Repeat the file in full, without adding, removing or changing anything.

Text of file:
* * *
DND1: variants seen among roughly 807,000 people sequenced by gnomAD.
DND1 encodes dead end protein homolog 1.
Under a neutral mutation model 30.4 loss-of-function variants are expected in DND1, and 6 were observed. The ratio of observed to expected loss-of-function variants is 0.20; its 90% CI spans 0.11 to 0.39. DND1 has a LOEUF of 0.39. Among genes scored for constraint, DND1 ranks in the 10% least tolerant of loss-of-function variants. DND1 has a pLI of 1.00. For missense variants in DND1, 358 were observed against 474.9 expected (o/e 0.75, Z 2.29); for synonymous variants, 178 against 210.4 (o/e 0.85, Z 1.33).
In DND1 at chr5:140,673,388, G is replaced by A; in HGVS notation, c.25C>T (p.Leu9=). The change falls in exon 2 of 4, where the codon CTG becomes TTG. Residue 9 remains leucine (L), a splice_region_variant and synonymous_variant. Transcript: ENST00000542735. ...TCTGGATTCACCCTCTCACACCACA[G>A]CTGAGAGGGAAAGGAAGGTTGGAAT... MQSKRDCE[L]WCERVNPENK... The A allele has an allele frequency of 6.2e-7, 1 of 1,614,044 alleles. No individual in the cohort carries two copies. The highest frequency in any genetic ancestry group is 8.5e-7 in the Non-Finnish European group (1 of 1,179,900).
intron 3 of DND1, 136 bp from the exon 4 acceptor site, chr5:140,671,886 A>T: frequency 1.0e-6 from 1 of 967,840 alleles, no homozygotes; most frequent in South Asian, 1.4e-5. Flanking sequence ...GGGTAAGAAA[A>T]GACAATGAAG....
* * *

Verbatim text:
DND1: variants seen among roughly 807,000 people sequenced by gnomAD.
DND1 encodes dead end protein homolog 1.
Under a neutral mutation model 30.4 loss-of-function variants are expected in DND1, and 6 were observed. The ratio of observed to expected loss-of-function variants is 0.20; its 90% CI spans 0.11 to 0.39. DND1 has a LOEUF of 0.39. Among genes scored for constraint, DND1 ranks in the 10% least tolerant of loss-of-function variants. DND1 has a pLI of 1.00. For missense variants in DND1, 358 were observed against 474.9 expected (o/e 0.75, Z 2.29); for synonymous variants, 178 against 210.4 (o/e 0.85, Z 1.33).
In DND1 at chr5:140,673,388, G is replaced by A; in HGVS notation, c.25C>T (p.Leu9=). The change falls in exon 2 of 4, where the codon CTG becomes TTG. Residue 9 remains leucine (L), a splice_region_variant and synonymous_variant. Transcript: ENST00000542735. ...TCTGGATTCACCCTCTCACACCACA[G>A]CTGAGAGGGAAAGGAAGGTTGGAAT... MQSKRDCE[L]WCERVNPENK... The A allele has an allele frequency of 6.2e-7, 1 of 1,614,044 alleles. No individual in the cohort carries two copies. The highest frequency in any genetic ancestry group is 8.5e-7 in the Non-Finnish European group (1 of 1,179,900).
intron 3 of DND1, 136 bp from the exon 4 acceptor site, chr5:140,671,886 A>T: frequency 1.0e-6 from 1 of 967,840 alleles, no homozygotes; most frequent in South Asian, 1.4e-5. Flanking sequence ...GGGTAAGAAA[A>T]GACAATGAAG....